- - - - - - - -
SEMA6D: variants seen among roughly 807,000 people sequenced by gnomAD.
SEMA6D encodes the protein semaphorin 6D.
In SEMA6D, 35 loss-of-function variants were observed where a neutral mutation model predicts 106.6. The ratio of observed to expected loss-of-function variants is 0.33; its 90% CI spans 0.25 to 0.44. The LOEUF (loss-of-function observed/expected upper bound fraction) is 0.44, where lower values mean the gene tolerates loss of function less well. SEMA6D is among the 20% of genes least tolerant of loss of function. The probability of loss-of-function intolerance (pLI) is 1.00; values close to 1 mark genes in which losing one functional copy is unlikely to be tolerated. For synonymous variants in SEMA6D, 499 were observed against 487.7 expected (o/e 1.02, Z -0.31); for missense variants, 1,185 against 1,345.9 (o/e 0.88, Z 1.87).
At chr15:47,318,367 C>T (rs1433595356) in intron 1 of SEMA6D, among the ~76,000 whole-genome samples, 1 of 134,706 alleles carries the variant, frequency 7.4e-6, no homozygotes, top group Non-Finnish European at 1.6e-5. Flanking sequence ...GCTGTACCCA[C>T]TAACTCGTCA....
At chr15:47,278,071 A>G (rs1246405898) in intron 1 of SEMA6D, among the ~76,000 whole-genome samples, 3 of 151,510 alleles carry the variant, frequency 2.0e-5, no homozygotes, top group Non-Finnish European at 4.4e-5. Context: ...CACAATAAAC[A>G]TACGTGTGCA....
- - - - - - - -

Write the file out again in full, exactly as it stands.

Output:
SEMA6D: variants seen among roughly 807,000 people sequenced by gnomAD.
SEMA6D encodes the protein semaphorin 6D.
In SEMA6D, 35 loss-of-function variants were observed where a neutral mutation model predicts 106.6. The ratio of observed to expected loss-of-function variants is 0.33; its 90% CI spans 0.25 to 0.44. The LOEUF (loss-of-function observed/expected upper bound fraction) is 0.44, where lower values mean the gene tolerates loss of function less well. SEMA6D is among the 20% of genes least tolerant of loss of function. The probability of loss-of-function intolerance (pLI) is 1.00; values close to 1 mark genes in which losing one functional copy is unlikely to be tolerated. For synonymous variants in SEMA6D, 499 were observed against 487.7 expected (o/e 1.02, Z -0.31); for missense variants, 1,185 against 1,345.9 (o/e 0.88, Z 1.87).
At chr15:47,318,367 C>T (rs1433595356) in intron 1 of SEMA6D, among the ~76,000 whole-genome samples, 1 of 134,706 alleles carries the variant, frequency 7.4e-6, no homozygotes, top group Non-Finnish European at 1.6e-5. Flanking sequence ...GCTGTACCCA[C>T]TAACTCGTCA....
At chr15:47,278,071 A>G (rs1246405898) in intron 1 of SEMA6D, among the ~76,000 whole-genome samples, 3 of 151,510 alleles carry the variant, frequency 2.0e-5, no homozygotes, top group Non-Finnish European at 4.4e-5. Context: ...CACAATAAAC[A>G]TACGTGTGCA....